Are trampolines safe for children?

2013-10-15T23:37:11+00:00

Dr. Jen would like to share this important message from the Canadian Pediatricians regarding trampoline use. Injury can also involve the teeth and face in young children.   Are home trampolines safe? Home trampolines are not safe and the number of injuries related to trampoline use is on the rise in Canada.   Can my child be injured on a trampoline? Trampoline injuries are most common among children 5 to 14 years of age and include: •cuts and bruises, •sprains and strains, •broken bones, •head injuries, and •though rare, injuries to the back and neck that have caused paralysis or death. [...]

Are trampolines safe for children?2013-10-15T23:37:11+00:00

The American Academy of Pediatric Dentistry: The Big Authority on little teeth

2013-10-10T20:08:11+00:00

The American Academy of Pediatric Dentistry (AAPD), the recognized leader in children’s oral health, today unveiled its new tagline, "America’s Pediatric Dentists, The Big Authority on Little Teeth," targeted to the lay public. This new consumer branding campaign is an effort to better connect with parents and caregivers and educate them on the critical need for early check-ups and regular oral care for children. **Tooth decay is the number one chronic infectious disease among children in the United States (and Canada!), affecting 42 percent of children aged 2 to 11 years. Furthermore, according to the Centers for Disease Control and Prevention, [...]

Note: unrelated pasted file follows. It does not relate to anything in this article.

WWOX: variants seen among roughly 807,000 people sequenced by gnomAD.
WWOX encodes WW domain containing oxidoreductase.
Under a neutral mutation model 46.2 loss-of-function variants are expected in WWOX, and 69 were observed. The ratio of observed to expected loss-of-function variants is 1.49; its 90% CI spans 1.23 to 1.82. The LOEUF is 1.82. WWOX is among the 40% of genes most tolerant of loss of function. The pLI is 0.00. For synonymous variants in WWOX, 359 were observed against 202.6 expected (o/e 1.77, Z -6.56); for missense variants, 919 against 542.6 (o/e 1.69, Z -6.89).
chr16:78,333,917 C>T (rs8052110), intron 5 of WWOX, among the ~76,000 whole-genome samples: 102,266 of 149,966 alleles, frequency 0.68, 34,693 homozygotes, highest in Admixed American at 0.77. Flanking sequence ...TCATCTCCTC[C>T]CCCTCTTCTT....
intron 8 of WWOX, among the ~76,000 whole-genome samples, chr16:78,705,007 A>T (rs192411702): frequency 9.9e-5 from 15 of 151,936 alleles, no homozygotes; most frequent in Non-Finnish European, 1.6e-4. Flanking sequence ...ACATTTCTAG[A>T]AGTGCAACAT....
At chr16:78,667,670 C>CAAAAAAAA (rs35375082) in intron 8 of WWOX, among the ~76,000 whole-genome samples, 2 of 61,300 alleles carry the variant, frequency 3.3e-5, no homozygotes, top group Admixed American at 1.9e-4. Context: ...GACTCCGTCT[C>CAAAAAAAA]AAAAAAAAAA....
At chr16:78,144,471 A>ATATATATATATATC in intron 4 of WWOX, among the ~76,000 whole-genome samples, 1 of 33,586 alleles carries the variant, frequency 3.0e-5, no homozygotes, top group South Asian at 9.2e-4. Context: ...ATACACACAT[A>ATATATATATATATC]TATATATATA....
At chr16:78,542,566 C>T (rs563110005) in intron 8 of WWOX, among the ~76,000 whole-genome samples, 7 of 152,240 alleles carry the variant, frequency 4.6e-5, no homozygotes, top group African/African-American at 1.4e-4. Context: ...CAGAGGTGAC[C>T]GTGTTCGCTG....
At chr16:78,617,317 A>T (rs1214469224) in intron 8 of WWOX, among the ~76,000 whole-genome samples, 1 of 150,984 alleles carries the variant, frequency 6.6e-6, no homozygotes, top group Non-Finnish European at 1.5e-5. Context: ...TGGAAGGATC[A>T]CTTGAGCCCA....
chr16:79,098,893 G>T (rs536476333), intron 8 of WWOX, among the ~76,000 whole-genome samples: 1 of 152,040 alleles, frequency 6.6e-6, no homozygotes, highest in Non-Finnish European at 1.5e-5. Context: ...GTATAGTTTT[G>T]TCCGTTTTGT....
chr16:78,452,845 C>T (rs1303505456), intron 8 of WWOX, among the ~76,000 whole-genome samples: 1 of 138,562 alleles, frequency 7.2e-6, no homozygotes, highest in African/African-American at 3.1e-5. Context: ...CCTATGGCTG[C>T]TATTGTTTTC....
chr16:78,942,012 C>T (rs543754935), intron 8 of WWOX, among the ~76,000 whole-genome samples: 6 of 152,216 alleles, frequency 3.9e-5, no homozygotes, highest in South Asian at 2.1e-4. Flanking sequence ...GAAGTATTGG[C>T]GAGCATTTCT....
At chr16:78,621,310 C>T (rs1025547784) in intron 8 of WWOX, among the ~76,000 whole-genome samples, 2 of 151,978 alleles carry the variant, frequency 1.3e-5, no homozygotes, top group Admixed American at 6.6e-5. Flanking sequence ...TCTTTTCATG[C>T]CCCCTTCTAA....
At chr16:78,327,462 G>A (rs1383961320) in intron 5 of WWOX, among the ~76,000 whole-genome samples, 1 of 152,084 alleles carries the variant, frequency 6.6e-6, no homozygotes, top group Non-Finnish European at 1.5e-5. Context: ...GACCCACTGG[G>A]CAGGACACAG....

The American Academy of Pediatric Dentistry: The Big Authority on little teeth2013-10-10T20:08:11+00:00

Raising Healthy Eaters from Preschool to High School

2013-09-30T21:16:47+00:00

Over the weekend Dr. Jen was able to meet a renowned dietician, Dr. Terri Lisagor, with special interest in the dental health of children - her husband is a pediatric dentist! The following is great advice for developing healthy eating habits for your children right from the start!   Food, nutrition and eating skills are among the most important things you can share with children: food to fuel busy, successful lives; nutrition to nourish strong bodies and smart brains; and eating skills to enjoy the social aspect of meals with family and friends.   As with any part of raising children, [...]

Raising Healthy Eaters from Preschool to High School2013-09-30T21:16:47+00:00

Playground safety

2013-09-10T17:01:27+00:00

With the kids back in school, or starting his or her very first days in kindergarten, we want to remember the Canadian Pediatric Society's recommendations on playgrounds!   "Playgrounds can help children be active and healthy. They’re a place where children can run, jump, climb, slide and play with peers.   Adults and caregivers need to take care to ensure that children stay safe in the playground. Most playground injuries are caused when children fall from the equipment, but they can also happen if a child gets caught in or cut by equipment that isn’t well cared for.   When choosing [...]

Playground safety2013-09-10T17:01:27+00:00

Healthy eating for children

2013-09-04T16:20:02+00:00

As a parent, one of the most important things you do is to help your children learn healthy eating habits. Children need a balanced diet with food from all four food groups—vegetables and fruit, grain products, milk and alternatives, and meat and alternatives.   Children need 3 meals a day and 1 to 3 snacks (morning, afternoon and possibly before bed). Healthy snacks are just as important as the food you serve at meals.   The best foods are whole, fresh and unprocessed—fresh fruits and vegetables, whole grains, dairy, and meats; and home-cooked meals.   Canada’s Food Guide recommends:     [...]